Nandin tore its buds and spread little yellow flowers.


Kidney beans also blossomed.


Within only a month, they’ve rapidly grown about 210cm tall. They understandably seem skinny a bit. But not unhealthy.


Carrots are doing good, too.



Found the bloom of bellflowers. The rainy season set in here in Japan.


A young grass hopper hanging on wheat told me it’s time to crop.


So I cut down. 3 baskets of wheat.


I also cropped garlic.


Bamboo is super versatile. So I use them to make a bean trellis. This time, I’m gonna take thin Japanese bamboos instead of fat Chinese “moso” bamboos.


Improvised kidney bean trellis. It’s about 2 meter high. Not so beautiful but it’s good enough.


At once, kidney beans began to entwine their vines.


I also put a permeable fabric on soy beans to protect them from bugs.


Wheat getting fatter and darker.


Burdock widely spreading their leaves. Looks nice. You may wonder we Japanese eat burdock roots.


But you know burdock root is a reservoir of dietary fiber, mineral and amino acids. Pretty good for your health. As a trial, I dug some of them. But they were still like babies. Some were thin and some were short. I decided to wait.


After a couple of days rain, Shiitake mushrooms bore their fruits.


And young shoots of bamboo showed their faces, too.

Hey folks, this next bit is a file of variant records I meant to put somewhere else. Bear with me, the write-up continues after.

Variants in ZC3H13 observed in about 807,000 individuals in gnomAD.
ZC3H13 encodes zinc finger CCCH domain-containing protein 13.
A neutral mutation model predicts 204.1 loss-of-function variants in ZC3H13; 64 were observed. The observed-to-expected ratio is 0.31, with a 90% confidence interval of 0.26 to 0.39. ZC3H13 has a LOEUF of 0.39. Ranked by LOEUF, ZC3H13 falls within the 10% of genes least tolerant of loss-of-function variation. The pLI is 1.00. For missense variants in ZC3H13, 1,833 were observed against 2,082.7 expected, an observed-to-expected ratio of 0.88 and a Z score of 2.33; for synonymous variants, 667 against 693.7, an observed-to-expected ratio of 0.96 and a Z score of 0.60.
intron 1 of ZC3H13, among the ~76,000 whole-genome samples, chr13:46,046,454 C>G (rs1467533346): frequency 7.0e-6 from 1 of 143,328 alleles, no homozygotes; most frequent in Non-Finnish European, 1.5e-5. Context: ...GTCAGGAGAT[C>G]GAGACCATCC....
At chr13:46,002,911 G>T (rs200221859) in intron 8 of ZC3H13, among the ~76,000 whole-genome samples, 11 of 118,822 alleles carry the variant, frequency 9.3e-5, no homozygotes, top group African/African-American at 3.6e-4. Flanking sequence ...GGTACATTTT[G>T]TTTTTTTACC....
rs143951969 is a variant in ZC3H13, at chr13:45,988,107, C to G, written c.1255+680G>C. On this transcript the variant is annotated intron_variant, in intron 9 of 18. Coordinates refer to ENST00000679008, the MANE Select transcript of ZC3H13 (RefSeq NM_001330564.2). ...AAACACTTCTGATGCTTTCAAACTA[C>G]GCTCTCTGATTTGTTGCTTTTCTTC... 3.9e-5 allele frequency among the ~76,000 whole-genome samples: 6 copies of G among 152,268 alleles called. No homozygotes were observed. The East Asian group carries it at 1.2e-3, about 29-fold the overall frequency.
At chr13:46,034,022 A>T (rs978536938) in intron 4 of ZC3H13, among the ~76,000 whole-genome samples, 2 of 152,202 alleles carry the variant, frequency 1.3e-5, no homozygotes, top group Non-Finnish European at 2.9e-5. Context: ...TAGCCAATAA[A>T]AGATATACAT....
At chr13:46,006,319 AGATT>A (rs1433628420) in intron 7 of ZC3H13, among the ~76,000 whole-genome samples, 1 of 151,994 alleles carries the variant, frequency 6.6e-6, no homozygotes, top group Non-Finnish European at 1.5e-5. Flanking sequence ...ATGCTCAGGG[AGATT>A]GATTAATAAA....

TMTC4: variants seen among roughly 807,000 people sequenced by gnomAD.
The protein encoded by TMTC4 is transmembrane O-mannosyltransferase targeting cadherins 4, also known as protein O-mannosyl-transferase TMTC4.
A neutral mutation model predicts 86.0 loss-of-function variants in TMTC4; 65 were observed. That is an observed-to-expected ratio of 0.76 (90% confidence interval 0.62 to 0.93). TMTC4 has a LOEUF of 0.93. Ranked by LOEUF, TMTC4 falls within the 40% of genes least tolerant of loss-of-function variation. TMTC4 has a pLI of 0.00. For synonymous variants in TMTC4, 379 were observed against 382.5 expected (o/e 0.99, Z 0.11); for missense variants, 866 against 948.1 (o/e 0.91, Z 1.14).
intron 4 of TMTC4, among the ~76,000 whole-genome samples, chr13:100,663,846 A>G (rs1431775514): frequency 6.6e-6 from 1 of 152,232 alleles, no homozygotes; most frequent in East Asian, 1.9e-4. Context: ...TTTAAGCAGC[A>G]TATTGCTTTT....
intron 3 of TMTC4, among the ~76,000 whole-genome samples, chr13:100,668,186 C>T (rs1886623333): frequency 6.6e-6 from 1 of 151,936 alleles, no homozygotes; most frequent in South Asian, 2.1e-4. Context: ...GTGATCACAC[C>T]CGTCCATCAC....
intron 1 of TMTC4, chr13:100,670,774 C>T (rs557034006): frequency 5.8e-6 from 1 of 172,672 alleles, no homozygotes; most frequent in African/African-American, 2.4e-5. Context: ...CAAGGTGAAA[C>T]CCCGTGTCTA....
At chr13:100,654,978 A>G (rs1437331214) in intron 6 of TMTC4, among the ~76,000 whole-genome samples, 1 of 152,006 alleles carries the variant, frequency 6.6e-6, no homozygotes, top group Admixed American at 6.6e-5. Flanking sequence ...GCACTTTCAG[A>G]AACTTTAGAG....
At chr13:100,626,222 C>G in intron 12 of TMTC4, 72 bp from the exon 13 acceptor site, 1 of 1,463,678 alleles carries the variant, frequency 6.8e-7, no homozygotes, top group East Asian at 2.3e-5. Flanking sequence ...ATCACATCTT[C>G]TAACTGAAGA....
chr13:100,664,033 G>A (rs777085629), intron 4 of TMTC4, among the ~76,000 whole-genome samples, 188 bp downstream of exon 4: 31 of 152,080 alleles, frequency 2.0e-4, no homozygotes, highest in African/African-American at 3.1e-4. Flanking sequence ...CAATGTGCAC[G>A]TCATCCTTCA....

It’s time to dig them up.


We often boil bamboo shoots with soy, fishy soup stock and with some sugar maybe. They are so tender and crunchy at the same time. They bring us the joy of Spring with their fantastic smelling. There is nothing better than freshly cooked bamboo shoots in this season, I can say.


Found an ume blossom fallen on the ridge of the garden.Found an ume blossom fallen on the ridge of our garden.


Yowzer! Qinggengcai is back to life again!! They once had been eaten all their leaves just a couple of weeks ago. Looks they’re doing great, doesn’t it? This must be a miracle on Easter day.


Japanese radish is back, too.


Burdock also resumed its life from scratch. I clearly remember that they were attacked by frost and injured so seriously. And I just wonder how these veges did things like this. Is it nothing surprising for them, while it’s nothing but a magic for me?


Eventually, the sun is back and shining on veges beautifully. Yee-haa!


Within a week or less, the leaves of qing-geng-cai, spinach and radish are eaten by wild inhabitants. You may call this a tragedy. But there is something amazing. Komatsunas (Japanese mustard spinach) were not among the casualties at all. I have no idea why they didn’t attack komatsunas. This is really something for me.


At once, I improvised a fence with bamboo arches and a vinyl net.


I also made a bamboo dipper. Simplicity is I think the most important element of beauty.